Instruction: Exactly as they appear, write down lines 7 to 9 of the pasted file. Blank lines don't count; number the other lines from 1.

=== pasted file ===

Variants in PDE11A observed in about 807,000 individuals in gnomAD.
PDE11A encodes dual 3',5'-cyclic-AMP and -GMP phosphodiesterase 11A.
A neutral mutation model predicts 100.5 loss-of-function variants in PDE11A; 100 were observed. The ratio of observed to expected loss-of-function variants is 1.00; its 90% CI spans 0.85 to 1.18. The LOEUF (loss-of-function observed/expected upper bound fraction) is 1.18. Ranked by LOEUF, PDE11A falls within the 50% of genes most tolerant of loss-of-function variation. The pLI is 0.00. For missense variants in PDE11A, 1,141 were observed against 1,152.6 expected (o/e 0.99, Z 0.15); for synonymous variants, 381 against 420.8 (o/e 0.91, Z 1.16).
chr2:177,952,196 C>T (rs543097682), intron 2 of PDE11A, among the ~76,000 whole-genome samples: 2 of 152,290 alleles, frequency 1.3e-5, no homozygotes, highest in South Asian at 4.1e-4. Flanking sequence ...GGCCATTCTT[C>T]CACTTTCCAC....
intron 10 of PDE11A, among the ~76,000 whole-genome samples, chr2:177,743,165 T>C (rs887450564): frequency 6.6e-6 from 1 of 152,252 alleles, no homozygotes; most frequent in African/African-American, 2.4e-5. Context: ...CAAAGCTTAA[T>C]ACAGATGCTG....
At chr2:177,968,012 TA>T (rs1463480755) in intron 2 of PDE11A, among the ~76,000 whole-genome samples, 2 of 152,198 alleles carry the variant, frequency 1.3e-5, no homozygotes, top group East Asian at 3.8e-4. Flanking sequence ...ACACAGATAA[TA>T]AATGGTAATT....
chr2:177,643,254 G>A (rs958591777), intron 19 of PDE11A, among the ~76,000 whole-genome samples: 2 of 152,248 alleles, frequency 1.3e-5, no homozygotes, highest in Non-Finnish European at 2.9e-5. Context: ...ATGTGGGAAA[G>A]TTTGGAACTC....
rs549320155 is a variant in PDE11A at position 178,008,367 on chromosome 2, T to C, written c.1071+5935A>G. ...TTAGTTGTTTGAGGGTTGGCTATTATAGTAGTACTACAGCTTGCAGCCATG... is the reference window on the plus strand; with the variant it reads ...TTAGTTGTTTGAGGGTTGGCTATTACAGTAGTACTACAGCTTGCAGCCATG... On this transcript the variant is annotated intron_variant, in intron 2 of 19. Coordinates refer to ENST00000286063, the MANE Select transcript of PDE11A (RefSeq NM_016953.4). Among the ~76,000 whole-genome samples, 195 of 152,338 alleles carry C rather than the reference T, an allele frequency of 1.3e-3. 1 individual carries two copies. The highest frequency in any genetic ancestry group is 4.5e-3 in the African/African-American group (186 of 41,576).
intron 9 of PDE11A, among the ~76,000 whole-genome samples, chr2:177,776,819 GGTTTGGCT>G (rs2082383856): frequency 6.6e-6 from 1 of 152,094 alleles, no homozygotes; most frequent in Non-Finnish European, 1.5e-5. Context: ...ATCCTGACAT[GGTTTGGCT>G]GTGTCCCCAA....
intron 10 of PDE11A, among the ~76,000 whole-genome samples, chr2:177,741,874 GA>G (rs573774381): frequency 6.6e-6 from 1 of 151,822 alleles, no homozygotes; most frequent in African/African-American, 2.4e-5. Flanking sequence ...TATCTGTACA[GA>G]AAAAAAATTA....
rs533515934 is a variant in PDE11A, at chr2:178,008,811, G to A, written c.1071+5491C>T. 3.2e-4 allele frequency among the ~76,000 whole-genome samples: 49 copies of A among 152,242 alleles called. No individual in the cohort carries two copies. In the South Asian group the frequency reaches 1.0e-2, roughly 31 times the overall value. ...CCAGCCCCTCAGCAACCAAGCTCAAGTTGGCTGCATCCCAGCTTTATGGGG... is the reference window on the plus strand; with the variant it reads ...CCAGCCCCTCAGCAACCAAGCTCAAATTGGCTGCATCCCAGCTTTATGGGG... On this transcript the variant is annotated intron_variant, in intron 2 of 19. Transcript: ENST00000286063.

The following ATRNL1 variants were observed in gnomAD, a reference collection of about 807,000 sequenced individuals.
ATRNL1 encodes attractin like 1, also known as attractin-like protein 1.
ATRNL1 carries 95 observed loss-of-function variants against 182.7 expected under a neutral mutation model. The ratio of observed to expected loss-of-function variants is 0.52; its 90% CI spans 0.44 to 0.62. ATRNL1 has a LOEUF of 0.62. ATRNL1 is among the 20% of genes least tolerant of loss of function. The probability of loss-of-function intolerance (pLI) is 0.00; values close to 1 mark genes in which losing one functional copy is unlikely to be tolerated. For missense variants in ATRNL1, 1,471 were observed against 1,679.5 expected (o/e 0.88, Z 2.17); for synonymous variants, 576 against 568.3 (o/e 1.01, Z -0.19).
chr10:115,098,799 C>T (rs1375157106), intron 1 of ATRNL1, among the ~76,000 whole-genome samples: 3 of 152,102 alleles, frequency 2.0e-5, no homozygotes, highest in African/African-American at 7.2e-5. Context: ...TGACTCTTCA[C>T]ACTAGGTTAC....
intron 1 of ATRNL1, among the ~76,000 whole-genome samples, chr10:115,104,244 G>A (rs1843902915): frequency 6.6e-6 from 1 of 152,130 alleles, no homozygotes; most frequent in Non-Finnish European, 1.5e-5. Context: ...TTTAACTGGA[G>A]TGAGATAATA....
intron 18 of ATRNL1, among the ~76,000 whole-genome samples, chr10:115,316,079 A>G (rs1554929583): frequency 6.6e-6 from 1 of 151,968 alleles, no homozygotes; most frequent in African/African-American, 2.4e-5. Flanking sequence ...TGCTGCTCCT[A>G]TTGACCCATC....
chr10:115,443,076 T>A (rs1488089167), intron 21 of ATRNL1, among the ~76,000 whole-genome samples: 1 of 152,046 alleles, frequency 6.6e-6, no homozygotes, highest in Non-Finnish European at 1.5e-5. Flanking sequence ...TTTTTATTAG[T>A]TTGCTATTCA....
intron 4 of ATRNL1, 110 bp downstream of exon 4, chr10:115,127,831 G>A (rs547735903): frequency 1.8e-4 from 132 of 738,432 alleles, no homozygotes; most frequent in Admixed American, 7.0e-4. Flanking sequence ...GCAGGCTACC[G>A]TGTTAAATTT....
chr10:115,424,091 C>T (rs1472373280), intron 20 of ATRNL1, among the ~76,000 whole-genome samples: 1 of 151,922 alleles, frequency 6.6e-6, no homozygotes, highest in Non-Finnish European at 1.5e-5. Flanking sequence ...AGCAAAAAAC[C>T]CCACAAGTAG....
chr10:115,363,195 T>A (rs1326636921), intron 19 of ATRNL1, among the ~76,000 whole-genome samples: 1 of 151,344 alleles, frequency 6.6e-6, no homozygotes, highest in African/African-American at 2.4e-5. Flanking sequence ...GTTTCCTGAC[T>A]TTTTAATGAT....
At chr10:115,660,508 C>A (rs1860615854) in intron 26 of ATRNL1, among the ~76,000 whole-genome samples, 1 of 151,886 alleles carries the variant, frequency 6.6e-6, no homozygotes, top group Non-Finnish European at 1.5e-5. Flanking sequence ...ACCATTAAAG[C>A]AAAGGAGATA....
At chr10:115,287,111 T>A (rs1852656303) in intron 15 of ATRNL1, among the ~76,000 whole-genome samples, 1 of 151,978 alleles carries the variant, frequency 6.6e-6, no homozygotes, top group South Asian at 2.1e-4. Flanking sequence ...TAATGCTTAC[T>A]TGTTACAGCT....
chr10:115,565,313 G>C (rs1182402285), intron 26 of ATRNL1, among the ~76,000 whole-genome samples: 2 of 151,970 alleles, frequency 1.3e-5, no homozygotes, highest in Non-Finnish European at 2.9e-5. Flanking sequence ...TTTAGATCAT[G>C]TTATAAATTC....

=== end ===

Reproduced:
chr2:177,643,254 G>A (rs958591777), intron 19 of PDE11A, among the ~76,000 whole-genome samples: 2 of 152,248 alleles, frequency 1.3e-5, no homozygotes, highest in Non-Finnish European at 2.9e-5. Context: ...ATGTGGGAAA[G>A]TTTGGAACTC....
rs549320155 is a variant in PDE11A at position 178,008,367 on chromosome 2, T to C, written c.1071+5935A>G. ...TTAGTTGTTTGAGGGTTGGCTATTATAGTAGTACTACAGCTTGCAGCCATG... is the reference window on the plus strand; with the variant it reads ...TTAGTTGTTTGAGGGTTGGCTATTACAGTAGTACTACAGCTTGCAGCCATG... On this transcript the variant is annotated intron_variant, in intron 2 of 19. Coordinates refer to ENST00000286063, the MANE Select transcript of PDE11A (RefSeq NM_016953.4). Among the ~76,000 whole-genome samples, 195 of 152,338 alleles carry C rather than the reference T, an allele frequency of 1.3e-3. 1 individual carries two copies. The highest frequency in any genetic ancestry group is 4.5e-3 in the African/African-American group (186 of 41,576).
intron 9 of PDE11A, among the ~76,000 whole-genome samples, chr2:177,776,819 GGTTTGGCT>G (rs2082383856): frequency 6.6e-6 from 1 of 152,094 alleles, no homozygotes; most frequent in Non-Finnish European, 1.5e-5. Context: ...ATCCTGACAT[GGTTTGGCT>G]GTGTCCCCAA....